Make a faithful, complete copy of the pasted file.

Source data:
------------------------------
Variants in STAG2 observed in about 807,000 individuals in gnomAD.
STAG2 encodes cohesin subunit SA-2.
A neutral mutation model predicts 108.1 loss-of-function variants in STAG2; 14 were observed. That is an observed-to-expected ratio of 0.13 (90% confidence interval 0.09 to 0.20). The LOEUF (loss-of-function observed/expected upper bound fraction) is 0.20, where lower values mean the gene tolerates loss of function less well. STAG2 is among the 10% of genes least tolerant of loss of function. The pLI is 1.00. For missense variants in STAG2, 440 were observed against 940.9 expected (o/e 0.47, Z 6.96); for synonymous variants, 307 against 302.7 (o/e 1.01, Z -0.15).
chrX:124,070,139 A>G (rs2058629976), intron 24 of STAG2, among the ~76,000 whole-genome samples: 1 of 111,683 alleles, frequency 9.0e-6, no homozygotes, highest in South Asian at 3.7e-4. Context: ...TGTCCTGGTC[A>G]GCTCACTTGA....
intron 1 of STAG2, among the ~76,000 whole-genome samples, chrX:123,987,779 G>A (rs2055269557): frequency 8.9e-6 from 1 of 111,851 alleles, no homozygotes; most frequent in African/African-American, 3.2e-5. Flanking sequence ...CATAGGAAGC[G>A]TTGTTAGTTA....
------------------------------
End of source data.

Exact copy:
Variants in STAG2 observed in about 807,000 individuals in gnomAD.
STAG2 encodes cohesin subunit SA-2.
A neutral mutation model predicts 108.1 loss-of-function variants in STAG2; 14 were observed. That is an observed-to-expected ratio of 0.13 (90% confidence interval 0.09 to 0.20). The LOEUF (loss-of-function observed/expected upper bound fraction) is 0.20, where lower values mean the gene tolerates loss of function less well. STAG2 is among the 10% of genes least tolerant of loss of function. The pLI is 1.00. For missense variants in STAG2, 440 were observed against 940.9 expected (o/e 0.47, Z 6.96); for synonymous variants, 307 against 302.7 (o/e 1.01, Z -0.15).
chrX:124,070,139 A>G (rs2058629976), intron 24 of STAG2, among the ~76,000 whole-genome samples: 1 of 111,683 alleles, frequency 9.0e-6, no homozygotes, highest in South Asian at 3.7e-4. Context: ...TGTCCTGGTC[A>G]GCTCACTTGA....
intron 1 of STAG2, among the ~76,000 whole-genome samples, chrX:123,987,779 G>A (rs2055269557): frequency 8.9e-6 from 1 of 111,851 alleles, no homozygotes; most frequent in African/African-American, 3.2e-5. Flanking sequence ...CATAGGAAGC[G>A]TTGTTAGTTA....